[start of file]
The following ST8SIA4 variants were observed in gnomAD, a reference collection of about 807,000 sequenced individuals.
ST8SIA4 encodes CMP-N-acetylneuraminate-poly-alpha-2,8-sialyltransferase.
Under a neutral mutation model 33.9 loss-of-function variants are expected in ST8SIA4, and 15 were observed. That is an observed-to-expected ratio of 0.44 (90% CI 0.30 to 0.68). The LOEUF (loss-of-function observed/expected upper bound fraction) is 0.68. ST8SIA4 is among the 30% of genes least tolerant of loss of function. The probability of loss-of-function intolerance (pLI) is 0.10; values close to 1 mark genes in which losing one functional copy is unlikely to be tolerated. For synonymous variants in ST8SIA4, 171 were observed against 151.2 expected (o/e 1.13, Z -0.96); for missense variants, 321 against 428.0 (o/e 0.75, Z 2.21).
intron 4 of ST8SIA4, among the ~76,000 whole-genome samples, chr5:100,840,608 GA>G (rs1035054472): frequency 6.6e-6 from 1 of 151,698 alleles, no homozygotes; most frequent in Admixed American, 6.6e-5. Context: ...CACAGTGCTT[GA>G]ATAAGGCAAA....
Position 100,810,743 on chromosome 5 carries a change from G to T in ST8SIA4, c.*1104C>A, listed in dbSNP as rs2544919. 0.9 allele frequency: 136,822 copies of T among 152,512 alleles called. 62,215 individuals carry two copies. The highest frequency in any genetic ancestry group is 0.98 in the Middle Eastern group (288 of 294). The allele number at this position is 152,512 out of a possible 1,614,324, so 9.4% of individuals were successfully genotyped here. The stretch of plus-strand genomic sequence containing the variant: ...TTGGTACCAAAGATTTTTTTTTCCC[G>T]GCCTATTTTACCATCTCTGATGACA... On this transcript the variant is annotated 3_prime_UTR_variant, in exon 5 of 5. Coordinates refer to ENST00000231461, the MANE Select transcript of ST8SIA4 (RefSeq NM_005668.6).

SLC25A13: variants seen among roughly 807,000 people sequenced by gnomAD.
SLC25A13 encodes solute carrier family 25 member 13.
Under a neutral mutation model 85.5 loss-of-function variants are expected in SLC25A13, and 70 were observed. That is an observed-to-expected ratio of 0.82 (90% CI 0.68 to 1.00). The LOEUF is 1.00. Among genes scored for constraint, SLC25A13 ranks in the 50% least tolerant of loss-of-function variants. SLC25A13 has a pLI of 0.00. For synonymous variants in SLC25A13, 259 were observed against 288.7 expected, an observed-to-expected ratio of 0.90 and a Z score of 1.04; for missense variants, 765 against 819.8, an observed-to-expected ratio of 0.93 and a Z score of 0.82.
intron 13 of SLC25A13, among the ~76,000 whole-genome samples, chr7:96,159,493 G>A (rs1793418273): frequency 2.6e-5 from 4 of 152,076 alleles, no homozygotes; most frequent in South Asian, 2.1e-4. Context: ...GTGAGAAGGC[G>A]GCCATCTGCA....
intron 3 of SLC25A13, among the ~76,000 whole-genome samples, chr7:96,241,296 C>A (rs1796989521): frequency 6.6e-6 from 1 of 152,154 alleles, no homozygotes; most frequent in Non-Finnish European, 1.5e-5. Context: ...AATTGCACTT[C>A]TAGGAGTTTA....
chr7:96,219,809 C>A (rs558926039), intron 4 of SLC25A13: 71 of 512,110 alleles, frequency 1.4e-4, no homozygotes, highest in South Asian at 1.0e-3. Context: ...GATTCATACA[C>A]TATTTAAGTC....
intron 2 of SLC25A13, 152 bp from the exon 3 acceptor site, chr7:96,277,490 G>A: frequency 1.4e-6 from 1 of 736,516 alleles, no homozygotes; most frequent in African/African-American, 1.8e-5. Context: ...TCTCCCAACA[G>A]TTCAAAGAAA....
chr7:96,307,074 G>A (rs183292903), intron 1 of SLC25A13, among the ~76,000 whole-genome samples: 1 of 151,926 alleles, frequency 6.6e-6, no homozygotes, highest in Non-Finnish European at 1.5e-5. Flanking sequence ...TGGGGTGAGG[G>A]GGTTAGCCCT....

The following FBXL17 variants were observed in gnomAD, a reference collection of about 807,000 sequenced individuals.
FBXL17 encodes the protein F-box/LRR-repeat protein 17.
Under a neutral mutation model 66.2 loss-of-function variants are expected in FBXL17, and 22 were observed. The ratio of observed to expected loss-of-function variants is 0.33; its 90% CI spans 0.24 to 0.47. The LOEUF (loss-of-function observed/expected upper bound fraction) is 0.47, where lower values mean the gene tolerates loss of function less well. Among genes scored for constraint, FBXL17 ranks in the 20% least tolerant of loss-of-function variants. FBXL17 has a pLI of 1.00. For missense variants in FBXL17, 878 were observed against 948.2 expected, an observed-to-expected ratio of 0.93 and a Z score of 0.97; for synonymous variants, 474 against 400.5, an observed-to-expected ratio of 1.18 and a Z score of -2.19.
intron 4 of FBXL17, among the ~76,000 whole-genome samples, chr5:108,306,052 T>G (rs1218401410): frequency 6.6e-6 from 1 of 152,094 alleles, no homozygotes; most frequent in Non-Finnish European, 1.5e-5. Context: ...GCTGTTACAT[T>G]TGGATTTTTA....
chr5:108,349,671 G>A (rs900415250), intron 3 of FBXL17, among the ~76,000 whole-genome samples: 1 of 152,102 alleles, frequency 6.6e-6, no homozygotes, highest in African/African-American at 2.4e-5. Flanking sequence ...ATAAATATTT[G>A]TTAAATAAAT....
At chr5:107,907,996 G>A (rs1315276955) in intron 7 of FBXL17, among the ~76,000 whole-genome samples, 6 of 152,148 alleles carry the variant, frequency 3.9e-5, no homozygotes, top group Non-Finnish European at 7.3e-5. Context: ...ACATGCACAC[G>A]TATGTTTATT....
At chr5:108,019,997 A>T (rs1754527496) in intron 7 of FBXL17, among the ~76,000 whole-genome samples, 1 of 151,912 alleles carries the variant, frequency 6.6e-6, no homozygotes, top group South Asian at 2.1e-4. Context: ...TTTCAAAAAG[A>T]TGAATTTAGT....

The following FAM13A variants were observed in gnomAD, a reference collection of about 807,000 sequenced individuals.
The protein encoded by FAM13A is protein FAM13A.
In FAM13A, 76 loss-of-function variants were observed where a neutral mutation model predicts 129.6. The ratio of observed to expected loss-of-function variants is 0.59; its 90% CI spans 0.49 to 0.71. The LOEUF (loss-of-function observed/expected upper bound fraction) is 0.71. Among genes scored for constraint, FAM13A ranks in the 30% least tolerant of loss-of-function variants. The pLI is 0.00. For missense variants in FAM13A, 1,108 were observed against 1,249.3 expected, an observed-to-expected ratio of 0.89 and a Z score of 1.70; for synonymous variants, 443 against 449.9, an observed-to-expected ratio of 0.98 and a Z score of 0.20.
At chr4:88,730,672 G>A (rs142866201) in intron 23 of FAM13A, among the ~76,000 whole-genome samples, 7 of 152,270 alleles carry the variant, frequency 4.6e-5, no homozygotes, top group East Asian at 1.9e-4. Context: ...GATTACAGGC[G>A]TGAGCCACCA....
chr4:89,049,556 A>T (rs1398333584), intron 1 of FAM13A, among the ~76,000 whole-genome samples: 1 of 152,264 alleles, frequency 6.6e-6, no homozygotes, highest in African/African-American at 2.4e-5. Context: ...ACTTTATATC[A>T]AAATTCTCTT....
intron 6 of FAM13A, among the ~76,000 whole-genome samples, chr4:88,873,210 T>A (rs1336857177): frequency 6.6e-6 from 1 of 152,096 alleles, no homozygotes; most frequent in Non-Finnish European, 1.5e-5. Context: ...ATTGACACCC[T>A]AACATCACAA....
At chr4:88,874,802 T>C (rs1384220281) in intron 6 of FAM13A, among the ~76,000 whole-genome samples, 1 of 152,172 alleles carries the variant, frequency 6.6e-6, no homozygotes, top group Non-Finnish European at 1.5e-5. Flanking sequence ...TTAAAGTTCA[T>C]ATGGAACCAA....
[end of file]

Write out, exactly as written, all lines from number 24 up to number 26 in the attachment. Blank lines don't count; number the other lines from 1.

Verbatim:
At chr4:88,730,672 G>A (rs142866201) in intron 23 of FAM13A, among the ~76,000 whole-genome samples, 7 of 152,270 alleles carry the variant, frequency 4.6e-5, no homozygotes, top group East Asian at 1.9e-4. Context: ...GATTACAGGC[G>A]TGAGCCACCA....
chr4:89,049,556 A>T (rs1398333584), intron 1 of FAM13A, among the ~76,000 whole-genome samples: 1 of 152,264 alleles, frequency 6.6e-6, no homozygotes, highest in African/African-American at 2.4e-5. Context: ...ACTTTATATC[A>T]AAATTCTCTT....
intron 6 of FAM13A, among the ~76,000 whole-genome samples, chr4:88,873,210 T>A (rs1336857177): frequency 6.6e-6 from 1 of 152,096 alleles, no homozygotes; most frequent in Non-Finnish European, 1.5e-5. Context: ...ATTGACACCC[T>A]AACATCACAA....